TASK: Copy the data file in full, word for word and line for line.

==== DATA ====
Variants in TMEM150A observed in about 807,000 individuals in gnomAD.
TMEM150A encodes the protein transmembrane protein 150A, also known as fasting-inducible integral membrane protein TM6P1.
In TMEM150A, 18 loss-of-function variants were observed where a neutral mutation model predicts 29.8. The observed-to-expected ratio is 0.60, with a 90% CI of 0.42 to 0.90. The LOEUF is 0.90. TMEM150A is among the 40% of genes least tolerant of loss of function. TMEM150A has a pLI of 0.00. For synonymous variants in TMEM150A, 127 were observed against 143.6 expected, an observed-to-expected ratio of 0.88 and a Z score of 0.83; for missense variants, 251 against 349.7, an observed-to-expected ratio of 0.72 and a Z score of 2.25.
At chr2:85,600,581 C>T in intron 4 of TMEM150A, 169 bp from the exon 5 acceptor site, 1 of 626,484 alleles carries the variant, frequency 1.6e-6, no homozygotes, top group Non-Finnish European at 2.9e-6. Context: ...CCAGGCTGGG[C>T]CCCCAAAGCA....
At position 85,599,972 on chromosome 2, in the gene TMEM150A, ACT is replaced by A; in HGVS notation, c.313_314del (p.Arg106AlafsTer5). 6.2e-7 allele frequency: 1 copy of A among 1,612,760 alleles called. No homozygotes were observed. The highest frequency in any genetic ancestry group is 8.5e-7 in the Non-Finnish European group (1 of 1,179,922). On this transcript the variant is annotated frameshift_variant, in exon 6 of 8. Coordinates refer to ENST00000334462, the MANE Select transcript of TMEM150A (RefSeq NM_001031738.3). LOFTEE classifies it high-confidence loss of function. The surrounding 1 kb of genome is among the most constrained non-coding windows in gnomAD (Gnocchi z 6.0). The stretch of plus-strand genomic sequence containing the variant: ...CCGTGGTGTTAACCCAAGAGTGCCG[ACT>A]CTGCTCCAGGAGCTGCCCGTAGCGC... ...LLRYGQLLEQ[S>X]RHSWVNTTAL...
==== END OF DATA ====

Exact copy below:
Variants in TMEM150A observed in about 807,000 individuals in gnomAD.
TMEM150A encodes the protein transmembrane protein 150A, also known as fasting-inducible integral membrane protein TM6P1.
In TMEM150A, 18 loss-of-function variants were observed where a neutral mutation model predicts 29.8. The observed-to-expected ratio is 0.60, with a 90% CI of 0.42 to 0.90. The LOEUF is 0.90. TMEM150A is among the 40% of genes least tolerant of loss of function. TMEM150A has a pLI of 0.00. For synonymous variants in TMEM150A, 127 were observed against 143.6 expected, an observed-to-expected ratio of 0.88 and a Z score of 0.83; for missense variants, 251 against 349.7, an observed-to-expected ratio of 0.72 and a Z score of 2.25.
At chr2:85,600,581 C>T in intron 4 of TMEM150A, 169 bp from the exon 5 acceptor site, 1 of 626,484 alleles carries the variant, frequency 1.6e-6, no homozygotes, top group Non-Finnish European at 2.9e-6. Context: ...CCAGGCTGGG[C>T]CCCCAAAGCA....
At position 85,599,972 on chromosome 2, in the gene TMEM150A, ACT is replaced by A; in HGVS notation, c.313_314del (p.Arg106AlafsTer5). 6.2e-7 allele frequency: 1 copy of A among 1,612,760 alleles called. No homozygotes were observed. The highest frequency in any genetic ancestry group is 8.5e-7 in the Non-Finnish European group (1 of 1,179,922). On this transcript the variant is annotated frameshift_variant, in exon 6 of 8. Coordinates refer to ENST00000334462, the MANE Select transcript of TMEM150A (RefSeq NM_001031738.3). LOFTEE classifies it high-confidence loss of function. The surrounding 1 kb of genome is among the most constrained non-coding windows in gnomAD (Gnocchi z 6.0). The stretch of plus-strand genomic sequence containing the variant: ...CCGTGGTGTTAACCCAAGAGTGCCG[ACT>A]CTGCTCCAGGAGCTGCCCGTAGCGC... ...LLRYGQLLEQ[S>X]RHSWVNTTAL...